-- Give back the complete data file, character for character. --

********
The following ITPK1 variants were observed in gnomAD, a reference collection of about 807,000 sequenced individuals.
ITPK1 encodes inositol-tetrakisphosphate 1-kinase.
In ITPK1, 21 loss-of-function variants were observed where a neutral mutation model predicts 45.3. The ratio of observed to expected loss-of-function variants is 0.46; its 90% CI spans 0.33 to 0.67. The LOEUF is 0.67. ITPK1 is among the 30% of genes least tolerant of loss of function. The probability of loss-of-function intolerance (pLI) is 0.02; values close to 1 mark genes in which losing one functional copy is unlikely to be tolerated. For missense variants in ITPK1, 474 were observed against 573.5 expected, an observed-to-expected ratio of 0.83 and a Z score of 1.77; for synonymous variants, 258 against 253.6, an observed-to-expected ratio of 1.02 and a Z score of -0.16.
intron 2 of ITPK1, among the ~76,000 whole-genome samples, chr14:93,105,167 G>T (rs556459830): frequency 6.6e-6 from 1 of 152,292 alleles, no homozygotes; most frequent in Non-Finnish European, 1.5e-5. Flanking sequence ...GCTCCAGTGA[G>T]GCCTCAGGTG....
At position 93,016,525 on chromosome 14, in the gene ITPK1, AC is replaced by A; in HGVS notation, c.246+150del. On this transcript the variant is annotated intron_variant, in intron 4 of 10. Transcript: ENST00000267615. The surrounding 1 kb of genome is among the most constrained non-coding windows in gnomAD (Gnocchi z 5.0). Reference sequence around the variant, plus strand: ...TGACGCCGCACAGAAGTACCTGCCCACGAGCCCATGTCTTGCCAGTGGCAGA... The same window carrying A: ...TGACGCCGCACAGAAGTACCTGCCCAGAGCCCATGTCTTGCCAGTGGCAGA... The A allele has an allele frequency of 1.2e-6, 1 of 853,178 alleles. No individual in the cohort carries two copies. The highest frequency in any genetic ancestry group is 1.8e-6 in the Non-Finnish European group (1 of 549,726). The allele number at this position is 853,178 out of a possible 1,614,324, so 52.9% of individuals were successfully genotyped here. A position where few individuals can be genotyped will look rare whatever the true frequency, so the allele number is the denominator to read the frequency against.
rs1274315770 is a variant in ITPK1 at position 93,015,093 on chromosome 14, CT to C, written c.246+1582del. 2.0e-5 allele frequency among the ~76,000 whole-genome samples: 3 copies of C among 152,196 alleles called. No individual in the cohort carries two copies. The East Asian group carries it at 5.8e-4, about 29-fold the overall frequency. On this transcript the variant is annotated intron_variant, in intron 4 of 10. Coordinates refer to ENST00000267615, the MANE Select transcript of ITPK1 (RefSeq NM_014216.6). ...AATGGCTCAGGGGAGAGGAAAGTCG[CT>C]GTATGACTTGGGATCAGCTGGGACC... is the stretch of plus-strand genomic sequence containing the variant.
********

The following ITPK1 variants were observed in gnomAD, a reference collection of about 807,000 sequenced individuals.
ITPK1 encodes inositol-tetrakisphosphate 1-kinase.
In ITPK1, 21 loss-of-function variants were observed where a neutral mutation model predicts 45.3. The ratio of observed to expected loss-of-function variants is 0.46; its 90% CI spans 0.33 to 0.67. The LOEUF is 0.67. ITPK1 is among the 30% of genes least tolerant of loss of function. The probability of loss-of-function intolerance (pLI) is 0.02; values close to 1 mark genes in which losing one functional copy is unlikely to be tolerated. For missense variants in ITPK1, 474 were observed against 573.5 expected, an observed-to-expected ratio of 0.83 and a Z score of 1.77; for synonymous variants, 258 against 253.6, an observed-to-expected ratio of 1.02 and a Z score of -0.16.
intron 2 of ITPK1, among the ~76,000 whole-genome samples, chr14:93,105,167 G>T (rs556459830): frequency 6.6e-6 from 1 of 152,292 alleles, no homozygotes; most frequent in Non-Finnish European, 1.5e-5. Flanking sequence ...GCTCCAGTGA[G>T]GCCTCAGGTG....
At position 93,016,525 on chromosome 14, in the gene ITPK1, AC is replaced by A; in HGVS notation, c.246+150del. On this transcript the variant is annotated intron_variant, in intron 4 of 10. Transcript: ENST00000267615. The surrounding 1 kb of genome is among the most constrained non-coding windows in gnomAD (Gnocchi z 5.0). Reference sequence around the variant, plus strand: ...TGACGCCGCACAGAAGTACCTGCCCACGAGCCCATGTCTTGCCAGTGGCAGA... The same window carrying A: ...TGACGCCGCACAGAAGTACCTGCCCAGAGCCCATGTCTTGCCAGTGGCAGA... The A allele has an allele frequency of 1.2e-6, 1 of 853,178 alleles. No individual in the cohort carries two copies. The highest frequency in any genetic ancestry group is 1.8e-6 in the Non-Finnish European group (1 of 549,726). The allele number at this position is 853,178 out of a possible 1,614,324, so 52.9% of individuals were successfully genotyped here. A position where few individuals can be genotyped will look rare whatever the true frequency, so the allele number is the denominator to read the frequency against.
rs1274315770 is a variant in ITPK1 at position 93,015,093 on chromosome 14, CT to C, written c.246+1582del. 2.0e-5 allele frequency among the ~76,000 whole-genome samples: 3 copies of C among 152,196 alleles called. No individual in the cohort carries two copies. The East Asian group carries it at 5.8e-4, about 29-fold the overall frequency. On this transcript the variant is annotated intron_variant, in intron 4 of 10. Coordinates refer to ENST00000267615, the MANE Select transcript of ITPK1 (RefSeq NM_014216.6). ...AATGGCTCAGGGGAGAGGAAAGTCG[CT>C]GTATGACTTGGGATCAGCTGGGACC... is the stretch of plus-strand genomic sequence containing the variant.